Coca-Cola warning label urged

SAM BOYER AND EVAN HARDING
Last updated 05:00 13/02/2013
Fairfax NZ

A coroner has linked heavy Coca-Cola consumption to the death of Natasha Harris. Her husband Christopher Hodgkinson speaks about the finding.

Natasha Marie Harris
ADDICTED: Natasha Harris didn't like being without the fizzy drink.

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A New Zealand coroner has ruled against a global drinks giant in a case that is likely to reverberate around the planet.

David Crerar has found that mother-of-eight Natasha Harris died from drinking too much Coca-Cola.

Ms Harris, of Invercargill, died, aged 30, in February 2010. Evidence at her inquest showed she drank up to 10 litres of "classic" Coke every day - equal to more than twice the recommended safe daily limit of caffeine, and almost one kilogram of sugar.

Coca-Cola has argued the huge quantities of Coke she drank could not be proven to have contributed to her death.

But in findings issued yesterday, Mr Crerar said: "When all of the available evidence is considered, were it not for the consumption of very large quantities of Coke by Natasha Harris, it is unlikely that she would have died when she died and how she died."

The soft drink company was not to blame for her death, he said, although its product was a contributing factor.

He recommended the Government consider imposing caffeine and sugar warnings on soft drinks, such as those already compulsory on energy drinks.

In the months before her death, Ms Harris' health had deteriorated, partner Chris Hodgkinson told the inquest. "She had no energy and was feeling sick all the time . . . She would get up and vomit in the morning."

Her Coke habit had become an addiction: "She would get moody and get headaches if she didn't have any Coke, and also feel low in energy."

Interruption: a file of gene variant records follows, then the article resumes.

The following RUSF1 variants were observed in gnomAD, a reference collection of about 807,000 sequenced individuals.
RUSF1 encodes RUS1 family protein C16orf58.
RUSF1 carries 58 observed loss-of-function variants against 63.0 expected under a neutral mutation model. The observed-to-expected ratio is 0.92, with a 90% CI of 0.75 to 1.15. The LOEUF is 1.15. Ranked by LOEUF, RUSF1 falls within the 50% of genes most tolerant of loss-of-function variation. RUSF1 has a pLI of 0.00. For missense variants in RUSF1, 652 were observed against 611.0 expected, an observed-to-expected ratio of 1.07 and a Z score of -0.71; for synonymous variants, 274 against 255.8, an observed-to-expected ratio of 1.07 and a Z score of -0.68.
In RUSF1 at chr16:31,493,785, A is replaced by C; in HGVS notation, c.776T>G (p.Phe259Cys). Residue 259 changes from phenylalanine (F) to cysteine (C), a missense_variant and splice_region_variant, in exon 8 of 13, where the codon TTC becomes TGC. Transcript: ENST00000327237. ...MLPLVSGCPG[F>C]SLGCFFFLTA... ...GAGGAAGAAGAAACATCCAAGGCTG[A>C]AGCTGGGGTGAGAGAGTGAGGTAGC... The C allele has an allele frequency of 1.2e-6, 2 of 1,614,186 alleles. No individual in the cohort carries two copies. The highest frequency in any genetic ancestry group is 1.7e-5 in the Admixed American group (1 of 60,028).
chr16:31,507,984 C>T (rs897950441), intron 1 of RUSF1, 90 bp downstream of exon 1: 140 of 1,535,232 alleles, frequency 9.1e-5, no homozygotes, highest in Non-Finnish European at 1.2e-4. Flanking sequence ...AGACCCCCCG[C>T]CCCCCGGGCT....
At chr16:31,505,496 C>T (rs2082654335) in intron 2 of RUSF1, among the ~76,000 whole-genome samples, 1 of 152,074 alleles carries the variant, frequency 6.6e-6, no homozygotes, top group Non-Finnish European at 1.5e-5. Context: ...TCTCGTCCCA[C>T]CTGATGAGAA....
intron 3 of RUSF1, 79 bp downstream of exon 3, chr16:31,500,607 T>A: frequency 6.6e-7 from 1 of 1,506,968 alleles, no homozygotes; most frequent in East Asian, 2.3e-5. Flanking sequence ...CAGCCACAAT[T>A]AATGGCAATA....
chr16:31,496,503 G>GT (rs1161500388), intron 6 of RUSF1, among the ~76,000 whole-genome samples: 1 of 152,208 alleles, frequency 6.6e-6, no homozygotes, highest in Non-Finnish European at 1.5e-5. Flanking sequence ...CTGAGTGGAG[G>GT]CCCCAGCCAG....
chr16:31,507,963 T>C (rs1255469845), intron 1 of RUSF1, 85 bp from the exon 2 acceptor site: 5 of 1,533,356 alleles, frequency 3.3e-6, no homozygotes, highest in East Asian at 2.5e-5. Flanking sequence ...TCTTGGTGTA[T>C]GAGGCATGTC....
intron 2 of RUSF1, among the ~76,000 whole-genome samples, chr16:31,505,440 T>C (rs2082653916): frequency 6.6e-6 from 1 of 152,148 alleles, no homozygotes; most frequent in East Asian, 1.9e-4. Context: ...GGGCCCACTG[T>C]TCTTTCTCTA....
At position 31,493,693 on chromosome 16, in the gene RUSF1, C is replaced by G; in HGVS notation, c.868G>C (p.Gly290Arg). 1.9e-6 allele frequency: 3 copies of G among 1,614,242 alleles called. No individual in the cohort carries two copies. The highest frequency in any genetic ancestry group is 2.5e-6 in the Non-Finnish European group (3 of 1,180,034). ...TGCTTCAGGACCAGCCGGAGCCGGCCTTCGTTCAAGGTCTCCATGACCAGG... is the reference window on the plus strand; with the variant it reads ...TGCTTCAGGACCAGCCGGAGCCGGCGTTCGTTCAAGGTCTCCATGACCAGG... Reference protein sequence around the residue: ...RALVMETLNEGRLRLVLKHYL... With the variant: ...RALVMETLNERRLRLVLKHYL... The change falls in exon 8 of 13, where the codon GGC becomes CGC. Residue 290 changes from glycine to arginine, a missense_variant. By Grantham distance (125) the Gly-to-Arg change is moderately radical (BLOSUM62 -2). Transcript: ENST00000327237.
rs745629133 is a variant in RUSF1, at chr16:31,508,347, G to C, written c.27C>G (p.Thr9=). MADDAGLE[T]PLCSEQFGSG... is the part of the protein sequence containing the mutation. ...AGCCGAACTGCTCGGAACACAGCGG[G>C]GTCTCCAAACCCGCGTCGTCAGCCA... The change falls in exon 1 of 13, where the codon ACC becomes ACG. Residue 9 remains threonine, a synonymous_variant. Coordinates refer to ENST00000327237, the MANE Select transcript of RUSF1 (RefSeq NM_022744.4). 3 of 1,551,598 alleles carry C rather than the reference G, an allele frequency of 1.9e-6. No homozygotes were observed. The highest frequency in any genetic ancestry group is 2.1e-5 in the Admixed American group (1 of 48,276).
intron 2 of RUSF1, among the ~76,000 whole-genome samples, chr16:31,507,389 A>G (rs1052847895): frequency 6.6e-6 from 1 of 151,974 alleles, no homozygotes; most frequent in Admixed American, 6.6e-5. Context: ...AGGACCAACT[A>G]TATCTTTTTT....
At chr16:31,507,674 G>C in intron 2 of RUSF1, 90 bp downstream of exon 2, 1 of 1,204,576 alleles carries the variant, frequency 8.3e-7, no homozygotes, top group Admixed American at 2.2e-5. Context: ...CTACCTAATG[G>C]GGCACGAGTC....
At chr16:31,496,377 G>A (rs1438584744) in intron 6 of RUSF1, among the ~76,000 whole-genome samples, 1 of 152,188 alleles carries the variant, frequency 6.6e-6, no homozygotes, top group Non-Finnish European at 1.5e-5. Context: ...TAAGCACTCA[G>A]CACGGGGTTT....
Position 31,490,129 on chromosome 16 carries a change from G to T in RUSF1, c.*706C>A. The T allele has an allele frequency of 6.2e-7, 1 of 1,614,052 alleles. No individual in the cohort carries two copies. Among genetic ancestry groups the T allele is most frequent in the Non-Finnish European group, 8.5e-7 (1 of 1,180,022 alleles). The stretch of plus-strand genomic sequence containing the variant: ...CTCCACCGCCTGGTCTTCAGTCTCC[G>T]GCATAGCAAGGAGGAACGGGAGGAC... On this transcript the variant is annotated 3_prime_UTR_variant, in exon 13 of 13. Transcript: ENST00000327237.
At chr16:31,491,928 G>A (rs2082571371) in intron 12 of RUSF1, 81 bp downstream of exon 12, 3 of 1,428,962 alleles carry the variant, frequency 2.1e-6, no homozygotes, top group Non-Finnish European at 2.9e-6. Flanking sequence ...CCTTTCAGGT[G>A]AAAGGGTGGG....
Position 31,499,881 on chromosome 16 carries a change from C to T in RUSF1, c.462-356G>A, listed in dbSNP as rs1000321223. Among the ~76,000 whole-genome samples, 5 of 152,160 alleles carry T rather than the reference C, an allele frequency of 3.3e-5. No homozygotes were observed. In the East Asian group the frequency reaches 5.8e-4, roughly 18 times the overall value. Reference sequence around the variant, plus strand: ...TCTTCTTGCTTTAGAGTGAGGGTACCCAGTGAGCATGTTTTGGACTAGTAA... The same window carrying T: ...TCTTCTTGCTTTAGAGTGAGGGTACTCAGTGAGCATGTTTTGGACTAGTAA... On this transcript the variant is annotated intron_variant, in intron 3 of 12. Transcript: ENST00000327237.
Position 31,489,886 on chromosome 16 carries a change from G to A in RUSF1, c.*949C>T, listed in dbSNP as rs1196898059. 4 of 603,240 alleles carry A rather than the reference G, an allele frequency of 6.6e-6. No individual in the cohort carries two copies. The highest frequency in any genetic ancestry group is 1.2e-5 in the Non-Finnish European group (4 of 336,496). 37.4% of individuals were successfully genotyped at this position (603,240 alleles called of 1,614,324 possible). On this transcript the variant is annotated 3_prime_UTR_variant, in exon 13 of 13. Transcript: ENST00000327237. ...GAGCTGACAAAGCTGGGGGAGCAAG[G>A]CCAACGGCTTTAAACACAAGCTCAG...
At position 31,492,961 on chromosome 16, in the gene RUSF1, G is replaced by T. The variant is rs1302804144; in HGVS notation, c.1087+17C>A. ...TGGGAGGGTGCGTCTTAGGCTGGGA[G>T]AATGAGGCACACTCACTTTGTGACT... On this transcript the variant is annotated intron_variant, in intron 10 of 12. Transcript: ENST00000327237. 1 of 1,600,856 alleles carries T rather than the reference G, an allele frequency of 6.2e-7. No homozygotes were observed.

Mr Crerar found that she died from cardiac arrhythmia after Mr Hodgkinson found her slumped on the toilet, gasping for air. She had myriad medical conditions, including a racing heart and "absent teeth", which her family say had rotted out from Coke consumption.

She drank between six and 10 litres a day. Mr Crerar estimated that, at the 10l level, she was consuming 2 times the recommended maximum daily amount of caffeine, and more than 11 times the recommended maximum sugar intake.

Those ingredients, combined with a poor diet, caused her to develop an enlarged liver, an electrolyte imbalance and, ultimately, led to her death. She also had symptoms of caffeine overdose.

Yesterday, Coca-Cola Oceania spokesman Josh Gold said the coroner should not have focused on Ms Harris' Coke "addiction", because one of the contributing expert witnesses - Professor Johan Duflou, a forensic pathologist contracted by Coca-Cola to give evidence - disagreed with the other expert witnesses.

"The coroner acknowledged that he could not be certain what caused Ms Harris' heart attack," Mr Gold said. "Therefore we are disappointed that the coroner has chosen to focus on the combination of Ms Harris' excessive consumption of [Coke], together with other health and lifestyle factors, as the probable cause of her death.

"The safety of our products is paramount . . . All of our products have a place in an active, healthy lifestyle that includes a sensible, balanced diet and regular physical activity."

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Ms Harris' mother, Lynette, said yesterday that she did not hold Coca-Cola responsible for her death. "It was her choice to drink Coke."

Mr Hodgkinson said warning labels should be put on Coke bottles, especially for the benefit of children. "So long as they get the warnings out there, I will be happy. I don't want any other kids to go through what our kids have gone through."

A Ministry of Primary Industries spokesman said New Zealand shared food labelling standards with Australia, and the ministry was currently chairing a trans-Tasman working group reviewing policy guidelines on the addition of caffeine to foods.

REVEALING THE RISKS

David Crerar recommends that health authorities and Coca-Cola consider issuing warnings on soft drinks.

"The hazards to the health of the consumers of excessive quantities of sugar and caffeine contained in carbonated drinks could be more clearly emphasised.

"Consideration should be given . . . to either lowering the caffeine percentage limit or creating a more specific warning such as those printed on [energy drinks] produced and marketed by Coca-Cola."

IS COKE ADDICTIVE?

In the coroner's findings, Professor Doug Sellman of the National Addiction Centre said Coke should be added to an international list of addictive substances.

"Growing neurobiological research is strongly indicating that some people can develop a compulsive habit . . . very similar to the same behavioural pattern observed in a drug addiction."

- The Dominion Post

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